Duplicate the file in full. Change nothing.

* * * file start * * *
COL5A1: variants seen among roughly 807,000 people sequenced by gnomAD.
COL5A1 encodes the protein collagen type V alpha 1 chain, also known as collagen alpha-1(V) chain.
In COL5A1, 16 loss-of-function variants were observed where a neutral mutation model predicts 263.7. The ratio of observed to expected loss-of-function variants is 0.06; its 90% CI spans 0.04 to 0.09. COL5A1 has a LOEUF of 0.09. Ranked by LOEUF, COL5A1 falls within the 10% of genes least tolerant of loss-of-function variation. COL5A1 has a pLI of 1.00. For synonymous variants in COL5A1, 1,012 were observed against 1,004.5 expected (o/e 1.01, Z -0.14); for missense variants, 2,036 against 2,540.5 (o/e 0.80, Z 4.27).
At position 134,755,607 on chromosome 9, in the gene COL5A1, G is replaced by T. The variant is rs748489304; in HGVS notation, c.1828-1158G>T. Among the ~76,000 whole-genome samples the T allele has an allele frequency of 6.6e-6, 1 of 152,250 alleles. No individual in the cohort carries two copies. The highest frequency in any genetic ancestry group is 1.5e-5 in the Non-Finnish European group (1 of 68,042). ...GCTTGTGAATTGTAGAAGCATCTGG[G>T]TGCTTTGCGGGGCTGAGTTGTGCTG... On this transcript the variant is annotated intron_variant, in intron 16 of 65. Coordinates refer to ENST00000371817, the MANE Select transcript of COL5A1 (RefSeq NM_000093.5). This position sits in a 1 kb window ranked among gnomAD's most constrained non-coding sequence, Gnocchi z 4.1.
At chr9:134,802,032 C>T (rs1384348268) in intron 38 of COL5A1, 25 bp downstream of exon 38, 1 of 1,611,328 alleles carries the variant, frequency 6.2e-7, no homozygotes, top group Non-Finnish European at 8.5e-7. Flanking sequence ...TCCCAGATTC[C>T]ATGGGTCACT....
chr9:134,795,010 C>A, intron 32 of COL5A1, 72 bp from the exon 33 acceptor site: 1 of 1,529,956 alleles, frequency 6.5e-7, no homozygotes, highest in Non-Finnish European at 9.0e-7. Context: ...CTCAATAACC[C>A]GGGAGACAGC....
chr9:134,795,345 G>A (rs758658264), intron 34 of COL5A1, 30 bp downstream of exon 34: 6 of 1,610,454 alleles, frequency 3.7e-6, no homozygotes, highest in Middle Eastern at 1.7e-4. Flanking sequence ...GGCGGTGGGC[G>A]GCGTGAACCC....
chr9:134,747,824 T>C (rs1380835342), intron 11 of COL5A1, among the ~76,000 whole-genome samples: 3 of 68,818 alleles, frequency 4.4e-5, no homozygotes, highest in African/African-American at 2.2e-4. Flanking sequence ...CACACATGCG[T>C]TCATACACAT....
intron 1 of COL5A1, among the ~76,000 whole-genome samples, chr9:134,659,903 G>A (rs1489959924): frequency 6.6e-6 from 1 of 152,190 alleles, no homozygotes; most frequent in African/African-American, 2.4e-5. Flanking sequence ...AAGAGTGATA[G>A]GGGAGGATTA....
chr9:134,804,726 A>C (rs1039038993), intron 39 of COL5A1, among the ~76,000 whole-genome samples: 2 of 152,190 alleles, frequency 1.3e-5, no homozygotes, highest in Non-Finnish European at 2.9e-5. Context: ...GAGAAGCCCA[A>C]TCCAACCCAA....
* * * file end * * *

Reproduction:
COL5A1: variants seen among roughly 807,000 people sequenced by gnomAD.
COL5A1 encodes the protein collagen type V alpha 1 chain, also known as collagen alpha-1(V) chain.
In COL5A1, 16 loss-of-function variants were observed where a neutral mutation model predicts 263.7. The ratio of observed to expected loss-of-function variants is 0.06; its 90% CI spans 0.04 to 0.09. COL5A1 has a LOEUF of 0.09. Ranked by LOEUF, COL5A1 falls within the 10% of genes least tolerant of loss-of-function variation. COL5A1 has a pLI of 1.00. For synonymous variants in COL5A1, 1,012 were observed against 1,004.5 expected (o/e 1.01, Z -0.14); for missense variants, 2,036 against 2,540.5 (o/e 0.80, Z 4.27).
At position 134,755,607 on chromosome 9, in the gene COL5A1, G is replaced by T. The variant is rs748489304; in HGVS notation, c.1828-1158G>T. Among the ~76,000 whole-genome samples the T allele has an allele frequency of 6.6e-6, 1 of 152,250 alleles. No individual in the cohort carries two copies. The highest frequency in any genetic ancestry group is 1.5e-5 in the Non-Finnish European group (1 of 68,042). ...GCTTGTGAATTGTAGAAGCATCTGG[G>T]TGCTTTGCGGGGCTGAGTTGTGCTG... On this transcript the variant is annotated intron_variant, in intron 16 of 65. Coordinates refer to ENST00000371817, the MANE Select transcript of COL5A1 (RefSeq NM_000093.5). This position sits in a 1 kb window ranked among gnomAD's most constrained non-coding sequence, Gnocchi z 4.1.
At chr9:134,802,032 C>T (rs1384348268) in intron 38 of COL5A1, 25 bp downstream of exon 38, 1 of 1,611,328 alleles carries the variant, frequency 6.2e-7, no homozygotes, top group Non-Finnish European at 8.5e-7. Flanking sequence ...TCCCAGATTC[C>T]ATGGGTCACT....
chr9:134,795,010 C>A, intron 32 of COL5A1, 72 bp from the exon 33 acceptor site: 1 of 1,529,956 alleles, frequency 6.5e-7, no homozygotes, highest in Non-Finnish European at 9.0e-7. Context: ...CTCAATAACC[C>A]GGGAGACAGC....
chr9:134,795,345 G>A (rs758658264), intron 34 of COL5A1, 30 bp downstream of exon 34: 6 of 1,610,454 alleles, frequency 3.7e-6, no homozygotes, highest in Middle Eastern at 1.7e-4. Flanking sequence ...GGCGGTGGGC[G>A]GCGTGAACCC....
chr9:134,747,824 T>C (rs1380835342), intron 11 of COL5A1, among the ~76,000 whole-genome samples: 3 of 68,818 alleles, frequency 4.4e-5, no homozygotes, highest in African/African-American at 2.2e-4. Flanking sequence ...CACACATGCG[T>C]TCATACACAT....
intron 1 of COL5A1, among the ~76,000 whole-genome samples, chr9:134,659,903 G>A (rs1489959924): frequency 6.6e-6 from 1 of 152,190 alleles, no homozygotes; most frequent in African/African-American, 2.4e-5. Flanking sequence ...AAGAGTGATA[G>A]GGGAGGATTA....
chr9:134,804,726 A>C (rs1039038993), intron 39 of COL5A1, among the ~76,000 whole-genome samples: 2 of 152,190 alleles, frequency 1.3e-5, no homozygotes, highest in Non-Finnish European at 2.9e-5. Context: ...GAGAAGCCCA[A>C]TCCAACCCAA....